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Tuesday, June 21, 2016

Jefferson's America: The President, the Purchase, and the Explorers who Transformed a Nation by Julie M. Fenster tells the story of the six men who first explored the new American territory west of the Mississippi River. When Thomas Jefferson first acquired the Louisiana Purchase, not everyone was impressed. Many thought it was more trouble than it was worth. There was some basis for this opinion, as there were no clearly marked borders between where American territory ended and Spanish territory began. This caused tensions between the two countries that almost led to war.

Jefferson chose to combat both the apathy of his own people regarding the land, and the tension with Spain in a somewhat unconventional way. Instead of a huge show of military strength, Jefferson sent explorers on four major expeditions. He hoped the explorers would bring back reports of the richness of the new land. He also wanted them to bring back examples of new plant and animal specimens so people could see the benefit of the new land for themselves. Jefferson hoped that once he had something to report, congress would give him more money for further exploration, and more people would be on board with his purchase.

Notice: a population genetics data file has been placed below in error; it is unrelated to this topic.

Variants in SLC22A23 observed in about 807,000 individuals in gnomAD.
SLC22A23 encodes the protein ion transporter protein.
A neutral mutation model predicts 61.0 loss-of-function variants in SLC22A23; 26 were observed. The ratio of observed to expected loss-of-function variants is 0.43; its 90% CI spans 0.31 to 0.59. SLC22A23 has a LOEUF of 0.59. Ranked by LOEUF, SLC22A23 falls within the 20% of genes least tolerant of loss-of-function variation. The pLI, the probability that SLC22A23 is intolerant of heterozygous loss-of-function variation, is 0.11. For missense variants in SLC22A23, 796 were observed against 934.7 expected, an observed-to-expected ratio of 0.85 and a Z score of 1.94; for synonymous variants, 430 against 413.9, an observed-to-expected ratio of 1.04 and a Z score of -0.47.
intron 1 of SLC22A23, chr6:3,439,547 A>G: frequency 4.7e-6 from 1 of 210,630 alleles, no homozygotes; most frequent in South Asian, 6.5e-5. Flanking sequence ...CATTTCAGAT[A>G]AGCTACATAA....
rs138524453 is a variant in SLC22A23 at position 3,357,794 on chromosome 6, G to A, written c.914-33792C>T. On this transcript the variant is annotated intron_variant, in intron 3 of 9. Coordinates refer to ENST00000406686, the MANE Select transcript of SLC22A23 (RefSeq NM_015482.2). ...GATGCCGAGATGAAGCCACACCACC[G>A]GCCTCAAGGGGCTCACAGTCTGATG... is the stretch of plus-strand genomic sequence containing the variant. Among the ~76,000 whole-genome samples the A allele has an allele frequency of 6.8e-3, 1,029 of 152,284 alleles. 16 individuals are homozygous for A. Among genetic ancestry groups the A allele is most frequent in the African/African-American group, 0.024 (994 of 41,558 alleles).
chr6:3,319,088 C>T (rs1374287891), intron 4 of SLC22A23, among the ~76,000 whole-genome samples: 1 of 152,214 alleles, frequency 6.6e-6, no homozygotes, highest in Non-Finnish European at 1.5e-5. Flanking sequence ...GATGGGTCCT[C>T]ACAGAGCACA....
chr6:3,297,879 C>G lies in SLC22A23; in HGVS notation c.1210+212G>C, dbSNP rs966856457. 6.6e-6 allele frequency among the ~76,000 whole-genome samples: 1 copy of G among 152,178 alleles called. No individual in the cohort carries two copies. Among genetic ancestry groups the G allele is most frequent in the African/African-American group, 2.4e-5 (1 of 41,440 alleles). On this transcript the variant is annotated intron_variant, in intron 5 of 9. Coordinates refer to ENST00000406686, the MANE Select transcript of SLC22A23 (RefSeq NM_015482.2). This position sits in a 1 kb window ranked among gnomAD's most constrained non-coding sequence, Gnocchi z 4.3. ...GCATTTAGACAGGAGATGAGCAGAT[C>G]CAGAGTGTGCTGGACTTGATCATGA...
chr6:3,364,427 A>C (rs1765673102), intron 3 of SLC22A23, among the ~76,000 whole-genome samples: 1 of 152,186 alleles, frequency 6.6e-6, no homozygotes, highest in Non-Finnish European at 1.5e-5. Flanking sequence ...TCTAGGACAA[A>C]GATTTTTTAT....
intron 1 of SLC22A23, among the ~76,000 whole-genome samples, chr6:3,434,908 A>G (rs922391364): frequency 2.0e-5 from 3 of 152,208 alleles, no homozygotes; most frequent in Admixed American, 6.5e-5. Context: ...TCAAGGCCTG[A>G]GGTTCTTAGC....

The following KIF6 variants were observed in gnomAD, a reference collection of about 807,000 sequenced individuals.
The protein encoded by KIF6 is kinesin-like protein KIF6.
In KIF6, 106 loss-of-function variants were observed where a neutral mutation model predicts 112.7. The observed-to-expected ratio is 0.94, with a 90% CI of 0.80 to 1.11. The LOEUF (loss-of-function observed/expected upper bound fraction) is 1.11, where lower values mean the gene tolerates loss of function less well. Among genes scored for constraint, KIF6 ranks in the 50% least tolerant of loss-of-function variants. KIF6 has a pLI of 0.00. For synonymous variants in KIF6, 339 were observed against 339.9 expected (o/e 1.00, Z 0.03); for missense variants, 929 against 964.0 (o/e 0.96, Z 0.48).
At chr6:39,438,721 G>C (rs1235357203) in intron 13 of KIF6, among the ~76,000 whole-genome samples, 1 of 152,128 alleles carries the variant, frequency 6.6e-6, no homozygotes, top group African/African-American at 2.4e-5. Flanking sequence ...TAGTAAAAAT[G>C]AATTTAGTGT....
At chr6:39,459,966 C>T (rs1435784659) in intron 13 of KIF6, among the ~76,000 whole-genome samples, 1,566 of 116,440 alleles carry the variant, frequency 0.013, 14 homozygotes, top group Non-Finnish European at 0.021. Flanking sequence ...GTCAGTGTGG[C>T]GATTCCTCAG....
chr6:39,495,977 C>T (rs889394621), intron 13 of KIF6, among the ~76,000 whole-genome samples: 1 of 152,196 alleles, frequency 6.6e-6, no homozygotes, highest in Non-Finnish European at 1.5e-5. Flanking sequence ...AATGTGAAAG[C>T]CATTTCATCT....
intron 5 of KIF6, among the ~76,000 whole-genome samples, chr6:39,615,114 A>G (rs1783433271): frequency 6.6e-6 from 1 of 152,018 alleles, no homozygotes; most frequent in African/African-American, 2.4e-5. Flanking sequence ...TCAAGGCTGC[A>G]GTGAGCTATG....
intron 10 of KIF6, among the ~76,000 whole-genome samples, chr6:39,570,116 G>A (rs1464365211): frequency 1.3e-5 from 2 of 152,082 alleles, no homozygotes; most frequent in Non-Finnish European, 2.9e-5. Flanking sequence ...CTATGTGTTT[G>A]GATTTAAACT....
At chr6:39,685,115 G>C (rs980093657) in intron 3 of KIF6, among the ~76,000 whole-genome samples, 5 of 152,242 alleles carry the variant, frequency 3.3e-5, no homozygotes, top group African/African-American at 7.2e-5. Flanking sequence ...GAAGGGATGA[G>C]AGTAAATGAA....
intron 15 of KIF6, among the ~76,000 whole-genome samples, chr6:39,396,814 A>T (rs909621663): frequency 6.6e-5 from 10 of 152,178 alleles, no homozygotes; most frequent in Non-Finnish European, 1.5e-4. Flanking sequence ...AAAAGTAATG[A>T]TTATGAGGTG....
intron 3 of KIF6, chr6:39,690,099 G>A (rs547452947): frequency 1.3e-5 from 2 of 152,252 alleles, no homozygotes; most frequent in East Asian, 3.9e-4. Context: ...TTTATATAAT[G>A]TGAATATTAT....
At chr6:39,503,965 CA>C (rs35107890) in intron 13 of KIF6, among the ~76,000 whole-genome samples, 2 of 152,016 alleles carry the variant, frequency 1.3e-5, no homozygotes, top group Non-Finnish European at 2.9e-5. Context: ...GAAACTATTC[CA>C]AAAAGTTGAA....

The explorers were also told to establish contact with any native groups they came across. This was intended to establish both an American presence, and hopefully, dominance in their new land. Lewis and Clark are the men most remembered for their heroic journey to the Pacific and back. While they deserve credit for what they accomplished, there were other men who did just as much on their journeys. Zebulon Pike, Thomas Freeman, Peter Custis, William Dunbar, and Dr. George Hunter took just as many risks and did just as much for establishing American territorial borders and engaging the interest of the American people in their new land.

Jefferson's America offers a comprehensive and easily understandable look at the above men and their journeys. Each man (including Jefferson) gets the same level of treatment, as does each expedition. The importance of each is highlighted, as is the strength and weakness of each man. The motivations of the explorers is also discussed. Fenster gives a great overall look at the political, social, and economic, and international factors in play in the Louisiana territory during the early 1800s. I'd recommend this book to anyone interested in Thomas Jefferson, early American history, or exploration and the people who lead it.

Blogging for Books provided this book to me for free in exchange for an honest review. I was not required to write a positive review. The opinions I have expressed are my own. I am disclosing this in accordance with the Federal Trade Commission's 16 CFR, Part 255